The concerto’s third movement in rondo form is one of the composer’s most accomplished stylisations of a folk dance. While it is merely given general markings of tempo and expression, “Allegro giocoso, ma non troppo”, the main theme with its syncopated rhythms and striking vitality is clearly inspired by the furiant, a Czech folk dance. One of its secondary themes is also cemented in a syncopated rhythm. Dvořák’s instrumental mastery is as impressive as ever and, like the second movement, here we also have a series of remarkable sound effects (e.g. the solo timpani anticipating the return of the main theme). Its sunny mood and lively temperament bring this movement close to the Slavonic Dances and render it one of the composer’s most joyful musical expressions.
premiere and reception of the work
Despite the fact that the concerto is dedicated to Joseph Joachim, who was also very much involved in its genesis, and that Dvořák was certainly relying on him for the premiere, the famous violinist probably never performed the piece. By the time Dvořák was finishing the last revisions to the score, almost four years had elapsed since Joachim had commissioned the concerto, and it is possible that the violinist had now lost his initial enthusiasm for Dvořák’s new work. Dvořák’s biographer Otakar Šourek wrote in more general terms of Joachim’s reluctance to study new compositions. “He was more the director of Berlin’s Academy of Music, a respected conductor and composer, than a concert virtuoso and, if he did still perform in public, he was content with a familiar repertoire, studied years before, and did not show any desire to work on new material. He didn’t even express much willingness to perform Brahms’s concerto at first, and this a work written by his best friend.”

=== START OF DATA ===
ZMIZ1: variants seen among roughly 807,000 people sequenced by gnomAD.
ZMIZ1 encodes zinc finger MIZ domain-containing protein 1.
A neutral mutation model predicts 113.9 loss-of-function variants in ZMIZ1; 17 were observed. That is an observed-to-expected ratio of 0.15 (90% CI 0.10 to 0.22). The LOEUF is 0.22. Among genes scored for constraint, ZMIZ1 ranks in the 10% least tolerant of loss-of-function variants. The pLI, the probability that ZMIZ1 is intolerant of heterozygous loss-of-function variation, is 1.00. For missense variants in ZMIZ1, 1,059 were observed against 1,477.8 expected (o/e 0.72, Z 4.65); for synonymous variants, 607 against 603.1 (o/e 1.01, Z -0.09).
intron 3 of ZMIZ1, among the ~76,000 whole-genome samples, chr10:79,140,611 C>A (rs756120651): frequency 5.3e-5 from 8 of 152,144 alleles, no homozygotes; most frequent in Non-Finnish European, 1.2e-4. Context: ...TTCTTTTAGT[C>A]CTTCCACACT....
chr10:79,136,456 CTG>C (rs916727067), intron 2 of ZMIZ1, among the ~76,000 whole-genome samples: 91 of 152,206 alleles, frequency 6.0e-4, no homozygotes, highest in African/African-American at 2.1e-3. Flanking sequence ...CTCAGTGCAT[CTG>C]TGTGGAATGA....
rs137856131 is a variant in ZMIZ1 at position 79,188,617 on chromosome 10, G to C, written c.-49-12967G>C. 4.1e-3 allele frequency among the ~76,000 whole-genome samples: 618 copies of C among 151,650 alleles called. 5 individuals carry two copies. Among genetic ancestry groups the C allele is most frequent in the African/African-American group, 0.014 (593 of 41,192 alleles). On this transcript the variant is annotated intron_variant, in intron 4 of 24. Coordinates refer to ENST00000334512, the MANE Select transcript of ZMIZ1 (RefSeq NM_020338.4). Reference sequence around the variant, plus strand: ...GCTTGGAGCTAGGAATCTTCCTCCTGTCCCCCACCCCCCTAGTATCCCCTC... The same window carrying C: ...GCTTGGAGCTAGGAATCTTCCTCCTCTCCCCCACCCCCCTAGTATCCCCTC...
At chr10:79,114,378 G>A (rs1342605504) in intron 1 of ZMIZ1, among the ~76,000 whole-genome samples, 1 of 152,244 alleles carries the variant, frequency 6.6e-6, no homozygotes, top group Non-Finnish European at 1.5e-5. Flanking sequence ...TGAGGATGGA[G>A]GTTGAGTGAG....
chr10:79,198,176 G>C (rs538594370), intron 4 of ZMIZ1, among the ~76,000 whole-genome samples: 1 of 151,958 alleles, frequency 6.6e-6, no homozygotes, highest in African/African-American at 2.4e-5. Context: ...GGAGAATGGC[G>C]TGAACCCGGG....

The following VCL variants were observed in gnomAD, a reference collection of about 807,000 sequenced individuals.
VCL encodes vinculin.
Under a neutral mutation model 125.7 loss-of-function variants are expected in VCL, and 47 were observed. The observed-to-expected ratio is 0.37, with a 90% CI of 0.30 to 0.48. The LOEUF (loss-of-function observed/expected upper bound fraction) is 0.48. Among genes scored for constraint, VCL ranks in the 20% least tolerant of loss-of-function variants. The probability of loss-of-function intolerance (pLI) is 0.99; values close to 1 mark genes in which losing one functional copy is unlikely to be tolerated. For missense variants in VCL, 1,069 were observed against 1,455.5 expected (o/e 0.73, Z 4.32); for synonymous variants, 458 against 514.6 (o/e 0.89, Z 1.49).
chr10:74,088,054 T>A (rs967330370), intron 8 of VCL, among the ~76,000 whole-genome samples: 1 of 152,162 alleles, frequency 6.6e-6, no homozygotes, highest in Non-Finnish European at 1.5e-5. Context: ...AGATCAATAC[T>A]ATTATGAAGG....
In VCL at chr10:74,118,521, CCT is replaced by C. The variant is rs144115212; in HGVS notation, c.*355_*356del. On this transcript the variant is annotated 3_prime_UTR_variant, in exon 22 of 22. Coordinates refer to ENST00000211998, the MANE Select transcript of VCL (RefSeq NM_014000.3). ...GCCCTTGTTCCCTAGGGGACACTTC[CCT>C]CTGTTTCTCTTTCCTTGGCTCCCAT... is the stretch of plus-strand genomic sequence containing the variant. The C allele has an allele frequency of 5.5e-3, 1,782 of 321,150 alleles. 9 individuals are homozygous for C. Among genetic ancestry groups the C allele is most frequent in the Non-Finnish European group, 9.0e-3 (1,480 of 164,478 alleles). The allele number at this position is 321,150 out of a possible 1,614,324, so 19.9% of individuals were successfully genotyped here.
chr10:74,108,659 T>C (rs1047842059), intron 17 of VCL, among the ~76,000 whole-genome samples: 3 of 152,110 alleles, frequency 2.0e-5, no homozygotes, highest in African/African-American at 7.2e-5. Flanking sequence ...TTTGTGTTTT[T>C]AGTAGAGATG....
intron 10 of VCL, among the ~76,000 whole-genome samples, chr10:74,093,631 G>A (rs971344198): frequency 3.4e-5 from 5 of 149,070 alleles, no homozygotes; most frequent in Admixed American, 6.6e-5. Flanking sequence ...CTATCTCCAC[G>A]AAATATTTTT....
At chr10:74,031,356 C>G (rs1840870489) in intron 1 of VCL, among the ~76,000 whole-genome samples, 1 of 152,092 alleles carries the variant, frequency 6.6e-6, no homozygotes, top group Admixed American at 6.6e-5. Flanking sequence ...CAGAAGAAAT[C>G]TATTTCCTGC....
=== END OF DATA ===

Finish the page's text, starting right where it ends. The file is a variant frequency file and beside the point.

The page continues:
Fortunately, Dvořák found a satisfactory substitute for the concerto’s premiere in the young Czech violin virtuoso František Ondříček. After studying in Prague and Paris Ondříček dazzled audiences all over Europe, later also in Russia and the United States, and soon became one of the most celebrated musicians of his day. He regarded the study of Dvořák’s work as his solemn duty and frequently visited the composer in his flat in Žitná street in September and October of 1883, where he regularly rehearsed the concerto under Dvořák’s supervision. The premiere performance of the work, which also marked the start of Ondříček’s new concert tour of European cities, was held in Prague’s Rudolfinum on 14 October 1883 with the participation of the National Theatre Orchestra and conductor Mořic Anger. Ondříček’s interest in Dvořák’s concerto didn’t end with the premiere, however. The violinist assiduously presented the piece at his concerts all over the world, thus helping significantly to increase its popularity with audiences at major international music venues. The first performance outside Prague was already scheduled for 2 December of that year, when it was conducted in Vienna by Hans Richter. Such was the huge success of the work that Ondříček had to repeat the performance a week later, on 10 December, when Dvořák’s piece replaced the original item on the programme, a concerto by Louis Spohr.
Dvořák’s concerto gradually became an essential part of the repertoire of Czech violinists, including Jaroslav Kocian and Jan Kubelík. The work was slower to reach international audiences, while it became more widely known thanks to the considerable endeavours of the likes of Josef Suk, Salvatore Accardo and David Oistrach.